Wednesday, May 30, 2012

How Many Are Enough?

Are Christianity and Islam religions, or collections of religions? Is Buddhism a religion? What about Satanism? Scientology? Jedi?

Even though no one is really in agreement on what we mean by “a religion,” we sure do have a lot of them. Regardless of how you choose to categorize the religions of the world, there’s no denying that there are a lot of options, and unlike money, religion basically grow on trees. There’s no one regulating how many religions there are, and I could start my own religion at any time. I wouldn’t even have to stop at only one.

Religions are basically like excuses: there’s no shortage of them, and every asshole has one. Oh, and they’re used to justify bullshit.

This diverse faith environment provides an interesting dilemma for the non-religious person. Namely, how many religions do you have to examine before you can be comfortable in saying that religion is not for you?

Granted, you could be raised in one religion, reject it, and decide you don’t want to be religious at all. I’m sure people do that. In fact, there’s also people who were raised without religion and know little or nothing about any religion at all. While I understand such decisions, I think the unexamined life is not even worth living, so I’m pretty firmly on the side of those who learn about religion in order to make an informed decision.

One thing I found interesting was not studying living religions, but dead ones. Egyptian, Babylonian, Greek, Roman, Norse, Celtic, Finnish, Slavic, and Germanic mythology (to name but a few Western examples) contains some of the best storytelling you’ll ever read. You’ll also see in such works the “inspiration” for great story tellers, from classics like William Shakespeare and John Milton to contemporary writers like Stephen King and J.K. Rowling. Disney in particular wouldn’t have the source material for over half their films without classic mythology and fables.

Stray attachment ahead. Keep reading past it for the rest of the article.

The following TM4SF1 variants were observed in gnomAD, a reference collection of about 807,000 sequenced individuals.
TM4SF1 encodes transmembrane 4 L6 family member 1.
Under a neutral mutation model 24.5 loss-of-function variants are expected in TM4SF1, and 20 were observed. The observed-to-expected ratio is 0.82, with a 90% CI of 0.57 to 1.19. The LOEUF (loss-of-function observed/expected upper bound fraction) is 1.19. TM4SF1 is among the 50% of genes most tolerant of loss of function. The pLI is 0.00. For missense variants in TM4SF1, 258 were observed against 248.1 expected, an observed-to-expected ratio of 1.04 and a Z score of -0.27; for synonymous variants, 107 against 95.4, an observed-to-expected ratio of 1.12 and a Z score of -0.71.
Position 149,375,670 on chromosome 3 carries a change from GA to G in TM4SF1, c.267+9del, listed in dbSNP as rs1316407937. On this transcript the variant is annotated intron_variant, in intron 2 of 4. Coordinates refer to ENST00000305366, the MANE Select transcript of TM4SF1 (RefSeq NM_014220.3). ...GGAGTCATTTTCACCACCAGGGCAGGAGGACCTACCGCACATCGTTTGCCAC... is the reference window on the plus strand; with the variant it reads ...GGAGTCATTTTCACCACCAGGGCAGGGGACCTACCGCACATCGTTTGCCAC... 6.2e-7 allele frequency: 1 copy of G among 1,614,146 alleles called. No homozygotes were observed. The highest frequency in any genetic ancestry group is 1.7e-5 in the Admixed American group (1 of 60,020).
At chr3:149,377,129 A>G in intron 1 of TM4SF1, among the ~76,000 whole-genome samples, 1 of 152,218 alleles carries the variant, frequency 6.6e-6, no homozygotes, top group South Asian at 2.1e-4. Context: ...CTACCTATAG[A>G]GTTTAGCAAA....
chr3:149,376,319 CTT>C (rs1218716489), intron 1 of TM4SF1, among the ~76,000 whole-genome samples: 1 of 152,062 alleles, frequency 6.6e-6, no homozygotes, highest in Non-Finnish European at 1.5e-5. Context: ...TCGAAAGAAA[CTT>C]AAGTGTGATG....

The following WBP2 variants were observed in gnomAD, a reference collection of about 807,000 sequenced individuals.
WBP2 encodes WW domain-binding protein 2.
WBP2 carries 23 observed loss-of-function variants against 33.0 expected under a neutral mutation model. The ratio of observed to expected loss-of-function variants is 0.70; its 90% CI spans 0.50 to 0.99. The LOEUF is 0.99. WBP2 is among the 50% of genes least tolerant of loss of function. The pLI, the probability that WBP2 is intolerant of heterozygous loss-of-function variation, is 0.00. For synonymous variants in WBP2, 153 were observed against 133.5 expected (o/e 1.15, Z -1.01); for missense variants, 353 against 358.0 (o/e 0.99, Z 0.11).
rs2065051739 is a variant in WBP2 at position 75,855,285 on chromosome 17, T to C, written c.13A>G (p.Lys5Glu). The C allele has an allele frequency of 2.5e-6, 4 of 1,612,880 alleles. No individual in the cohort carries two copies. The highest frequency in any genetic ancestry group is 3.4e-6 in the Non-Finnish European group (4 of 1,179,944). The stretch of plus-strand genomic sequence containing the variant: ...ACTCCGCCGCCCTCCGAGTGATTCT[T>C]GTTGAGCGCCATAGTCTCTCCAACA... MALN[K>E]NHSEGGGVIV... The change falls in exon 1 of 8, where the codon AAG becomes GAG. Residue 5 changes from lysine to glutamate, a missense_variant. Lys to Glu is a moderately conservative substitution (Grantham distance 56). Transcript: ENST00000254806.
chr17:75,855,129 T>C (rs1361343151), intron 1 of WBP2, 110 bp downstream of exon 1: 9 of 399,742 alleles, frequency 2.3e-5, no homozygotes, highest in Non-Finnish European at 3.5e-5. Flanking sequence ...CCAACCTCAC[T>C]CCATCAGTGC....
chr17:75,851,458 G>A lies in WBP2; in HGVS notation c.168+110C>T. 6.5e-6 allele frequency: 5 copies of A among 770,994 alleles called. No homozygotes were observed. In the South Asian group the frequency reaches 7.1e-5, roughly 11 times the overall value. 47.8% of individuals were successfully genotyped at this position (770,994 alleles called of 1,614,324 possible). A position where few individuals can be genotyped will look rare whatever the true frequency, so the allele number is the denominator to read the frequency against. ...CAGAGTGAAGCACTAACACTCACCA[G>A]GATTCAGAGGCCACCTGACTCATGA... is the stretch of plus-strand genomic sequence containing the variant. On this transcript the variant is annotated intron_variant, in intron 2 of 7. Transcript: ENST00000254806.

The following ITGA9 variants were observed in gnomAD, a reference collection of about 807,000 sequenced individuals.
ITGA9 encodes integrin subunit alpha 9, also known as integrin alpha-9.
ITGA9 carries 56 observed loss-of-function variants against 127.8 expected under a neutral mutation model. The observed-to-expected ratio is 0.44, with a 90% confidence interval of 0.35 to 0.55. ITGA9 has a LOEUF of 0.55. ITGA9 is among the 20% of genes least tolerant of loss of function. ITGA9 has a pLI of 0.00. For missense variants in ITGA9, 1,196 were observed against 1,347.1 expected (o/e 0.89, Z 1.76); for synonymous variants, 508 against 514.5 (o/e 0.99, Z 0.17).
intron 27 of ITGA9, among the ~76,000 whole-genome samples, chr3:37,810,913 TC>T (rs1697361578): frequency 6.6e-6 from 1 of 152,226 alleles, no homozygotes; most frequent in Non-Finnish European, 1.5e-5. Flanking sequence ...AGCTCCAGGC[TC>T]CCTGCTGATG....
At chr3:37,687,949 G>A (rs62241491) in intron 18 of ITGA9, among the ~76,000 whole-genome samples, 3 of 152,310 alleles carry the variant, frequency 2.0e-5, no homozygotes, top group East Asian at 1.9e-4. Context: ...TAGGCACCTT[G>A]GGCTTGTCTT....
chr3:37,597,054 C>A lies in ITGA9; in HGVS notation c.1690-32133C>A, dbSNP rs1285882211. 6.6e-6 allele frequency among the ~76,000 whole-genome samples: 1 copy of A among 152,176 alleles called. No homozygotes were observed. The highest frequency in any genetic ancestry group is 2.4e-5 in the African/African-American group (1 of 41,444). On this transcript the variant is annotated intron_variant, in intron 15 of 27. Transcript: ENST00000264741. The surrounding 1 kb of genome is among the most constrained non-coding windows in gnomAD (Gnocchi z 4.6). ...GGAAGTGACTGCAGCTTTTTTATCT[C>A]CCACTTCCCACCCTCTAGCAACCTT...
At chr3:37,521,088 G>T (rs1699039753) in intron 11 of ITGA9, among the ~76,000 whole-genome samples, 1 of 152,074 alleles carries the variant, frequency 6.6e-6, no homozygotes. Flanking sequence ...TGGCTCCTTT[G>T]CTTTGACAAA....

On a deeper level, then, I think you will get something intellectually fulfilling from reading mythology. I also noticed something else: when a religion is gone and dead, it is easier to perhaps see the appeal of these works. The ideas become far more compelling when they are not coupled with the embarrassing rabble of the faithful.

In many ways, one can see through studying religion that most of the problem with religion is not religion itself, but actually the religious.

On their own, these stories can teach a good person how to be better, without the rituals and belief in gods. These tales take on a completely different tone when read by the greedy, the selfish, the abusive, the violent, the angry, the fearful, the neurotic, or the psychotic. In my experience, some of these people almost seem to relate to the harsh nature of the gods and wish to embody this, perhaps thinking it will make them more loved by the gods, or even gods themselves.

However, a good religious tale is not a blueprint for how to live, but is instead an oil painting of what life is like.

Forget for a second that you think you’re special, and remember that how you act is one of only a few typical personalities, and those personalities have existed for as long as history is recorded. When you read a good story, you recognize characters, as if you had met them before. Even if you read a story that is thousands of years old and translated many times over, a good one will be filled with moments where you smile at someone’s remark or your heart breaks for someone’s loss.

Even though there is so much time and culture separating us from the myths of the ancients, we can still relate to them.

So, how many religions must one learn about before the examination ends? I guess that is a personal question. Maybe we never stop looking, even if we take extended breaks. For me, once I realized what religions were, it was not difficult to see that I would never be a religious man, though I know I will always be fascinated by religion.

If you can see mythology for what it is, it can be of immeasurable value to you, but the minute you take any of it literally… well… to me, religion is a myth that has come alive and gone mad. And yet, I would hope that mythology survives into the future, because it’s a priceless look into ourselves and our own lives that should be available to everyone.

I hope we never stop making up stories that compel us. I could do without the overzealous fans, though.

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